Mumbai’s First Gay Parade
A few days after the Health Minister spoke about legalizing Homosexuality and Prostitution in the country and a month after India’s first Gay Pride Parade, although the community did not participate in India, the community participated in the cities first parade.
The main reason was to abolish the Section 377 of the Indian penal code which outlaws “unnatural sexual offences” and theoretically punishes anal or oral sex with up to 10 years in prison, it was established by the British in the 19th century.
The community also demanded an apology from the British for creating the law putting together facts that the earlier Hindu, Muslim and Buddhist communities were much more compassionate to same sex relationships than the British who exported homophobia during the 19th century when they enforced their Victorian laws and morals here.Although it is rarely enforced, section 377 has forced Mumbai’s gay and lesbian community to exist underground. But more importantly Vikram Doctor, one of the parade organizers, said, “It’s the fear of the law that matters more than the law itself. It’s a blackmail racket.” It is common for the local law enforcers to extort money on these basis here in India.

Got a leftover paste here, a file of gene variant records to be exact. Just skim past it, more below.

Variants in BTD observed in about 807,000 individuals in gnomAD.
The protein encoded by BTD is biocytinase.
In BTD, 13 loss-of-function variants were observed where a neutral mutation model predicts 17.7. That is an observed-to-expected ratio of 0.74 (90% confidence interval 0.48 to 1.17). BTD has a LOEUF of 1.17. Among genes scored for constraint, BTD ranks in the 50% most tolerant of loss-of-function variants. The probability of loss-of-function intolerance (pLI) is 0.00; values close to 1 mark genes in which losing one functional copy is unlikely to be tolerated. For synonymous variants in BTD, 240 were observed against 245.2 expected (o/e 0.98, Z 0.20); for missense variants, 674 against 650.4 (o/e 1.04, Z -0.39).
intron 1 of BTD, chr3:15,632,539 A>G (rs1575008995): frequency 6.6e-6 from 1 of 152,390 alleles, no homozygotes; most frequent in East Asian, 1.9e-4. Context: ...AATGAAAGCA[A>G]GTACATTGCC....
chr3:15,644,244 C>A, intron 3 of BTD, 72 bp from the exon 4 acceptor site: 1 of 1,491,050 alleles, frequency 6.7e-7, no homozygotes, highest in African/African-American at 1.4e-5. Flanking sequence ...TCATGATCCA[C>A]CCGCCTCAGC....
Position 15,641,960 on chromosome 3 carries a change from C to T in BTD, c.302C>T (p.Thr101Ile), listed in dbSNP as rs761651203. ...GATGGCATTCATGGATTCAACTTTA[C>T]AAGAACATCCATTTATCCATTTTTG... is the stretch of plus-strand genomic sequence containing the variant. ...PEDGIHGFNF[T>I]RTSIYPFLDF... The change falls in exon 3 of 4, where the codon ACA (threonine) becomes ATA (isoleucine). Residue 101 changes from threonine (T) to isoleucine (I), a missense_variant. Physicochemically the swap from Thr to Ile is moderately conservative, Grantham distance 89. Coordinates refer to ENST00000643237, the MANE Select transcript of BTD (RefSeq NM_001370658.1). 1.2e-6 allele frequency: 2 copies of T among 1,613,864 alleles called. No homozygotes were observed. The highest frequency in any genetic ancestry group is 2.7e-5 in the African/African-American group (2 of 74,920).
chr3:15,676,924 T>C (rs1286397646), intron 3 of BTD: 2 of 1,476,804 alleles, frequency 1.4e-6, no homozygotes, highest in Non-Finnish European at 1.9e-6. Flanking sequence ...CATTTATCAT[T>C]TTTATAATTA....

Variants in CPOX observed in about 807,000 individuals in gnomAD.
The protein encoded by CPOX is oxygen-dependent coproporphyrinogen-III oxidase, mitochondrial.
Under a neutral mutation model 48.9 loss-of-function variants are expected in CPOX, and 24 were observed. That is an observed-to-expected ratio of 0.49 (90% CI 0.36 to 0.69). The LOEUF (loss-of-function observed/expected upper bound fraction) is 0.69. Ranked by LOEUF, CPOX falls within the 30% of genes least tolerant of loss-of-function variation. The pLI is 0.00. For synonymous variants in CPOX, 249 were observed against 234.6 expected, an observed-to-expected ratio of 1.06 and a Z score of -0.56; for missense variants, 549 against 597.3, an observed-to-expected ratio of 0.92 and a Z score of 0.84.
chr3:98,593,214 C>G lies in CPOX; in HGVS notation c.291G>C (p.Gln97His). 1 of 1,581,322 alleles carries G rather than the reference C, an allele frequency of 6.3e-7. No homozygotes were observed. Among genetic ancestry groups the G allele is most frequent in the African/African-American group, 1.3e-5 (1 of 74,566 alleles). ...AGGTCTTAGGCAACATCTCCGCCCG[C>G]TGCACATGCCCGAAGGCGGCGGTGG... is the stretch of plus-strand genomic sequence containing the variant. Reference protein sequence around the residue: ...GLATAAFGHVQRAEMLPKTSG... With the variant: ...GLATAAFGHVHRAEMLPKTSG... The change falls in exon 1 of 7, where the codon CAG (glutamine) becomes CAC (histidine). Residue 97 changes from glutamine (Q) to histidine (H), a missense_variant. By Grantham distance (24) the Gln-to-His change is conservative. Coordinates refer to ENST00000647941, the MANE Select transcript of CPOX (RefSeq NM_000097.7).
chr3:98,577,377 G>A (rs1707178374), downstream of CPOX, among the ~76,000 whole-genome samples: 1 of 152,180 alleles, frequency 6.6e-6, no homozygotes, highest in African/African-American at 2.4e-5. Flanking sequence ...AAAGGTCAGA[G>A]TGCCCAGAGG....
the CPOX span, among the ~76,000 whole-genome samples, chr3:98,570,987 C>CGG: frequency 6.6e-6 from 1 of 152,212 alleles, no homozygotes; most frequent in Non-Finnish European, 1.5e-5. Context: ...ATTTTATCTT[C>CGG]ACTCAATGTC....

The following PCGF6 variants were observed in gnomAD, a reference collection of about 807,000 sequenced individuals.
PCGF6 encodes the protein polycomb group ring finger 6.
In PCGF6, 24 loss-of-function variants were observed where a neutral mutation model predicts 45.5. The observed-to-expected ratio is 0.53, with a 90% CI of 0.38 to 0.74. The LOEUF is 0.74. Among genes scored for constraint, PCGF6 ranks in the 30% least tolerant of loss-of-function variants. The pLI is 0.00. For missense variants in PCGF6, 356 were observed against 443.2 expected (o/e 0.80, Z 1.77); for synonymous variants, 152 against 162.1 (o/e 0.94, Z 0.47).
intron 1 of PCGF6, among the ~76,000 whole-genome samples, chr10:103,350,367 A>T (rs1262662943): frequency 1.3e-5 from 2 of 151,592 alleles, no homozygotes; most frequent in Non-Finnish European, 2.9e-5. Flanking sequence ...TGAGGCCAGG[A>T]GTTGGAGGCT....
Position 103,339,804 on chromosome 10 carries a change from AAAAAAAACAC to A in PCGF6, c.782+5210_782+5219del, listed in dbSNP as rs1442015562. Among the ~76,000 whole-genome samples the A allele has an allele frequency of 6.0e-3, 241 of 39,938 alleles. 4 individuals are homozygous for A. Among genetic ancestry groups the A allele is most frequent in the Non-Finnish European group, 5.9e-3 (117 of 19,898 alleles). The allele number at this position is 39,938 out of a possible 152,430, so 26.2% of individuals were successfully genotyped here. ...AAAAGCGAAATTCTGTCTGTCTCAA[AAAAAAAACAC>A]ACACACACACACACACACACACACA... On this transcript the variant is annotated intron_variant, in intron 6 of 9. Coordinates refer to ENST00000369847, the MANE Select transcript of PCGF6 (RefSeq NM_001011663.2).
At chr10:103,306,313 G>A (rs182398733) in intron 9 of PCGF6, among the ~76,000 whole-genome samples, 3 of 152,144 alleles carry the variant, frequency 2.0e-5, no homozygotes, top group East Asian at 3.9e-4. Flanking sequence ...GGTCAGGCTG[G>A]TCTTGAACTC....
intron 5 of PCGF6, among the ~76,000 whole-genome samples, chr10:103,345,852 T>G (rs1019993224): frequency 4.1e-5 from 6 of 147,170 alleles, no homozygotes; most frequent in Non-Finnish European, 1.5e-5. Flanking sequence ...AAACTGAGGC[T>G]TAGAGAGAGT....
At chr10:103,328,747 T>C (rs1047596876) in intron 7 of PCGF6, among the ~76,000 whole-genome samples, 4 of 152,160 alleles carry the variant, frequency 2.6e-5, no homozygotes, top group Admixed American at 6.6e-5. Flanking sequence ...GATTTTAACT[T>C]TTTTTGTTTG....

Organizers expected around 200 people to turn out in support, but over 500 people pleasantly surprised not only the organizers but the onlookers who were given pamphlets and rainbow flags. Rainbow cloaked marchers chanted slogans like “Closets are for clothes” in Hindi, Gujarati and English. They sang, danced and played drums as people watched from sidewalks and balconies.
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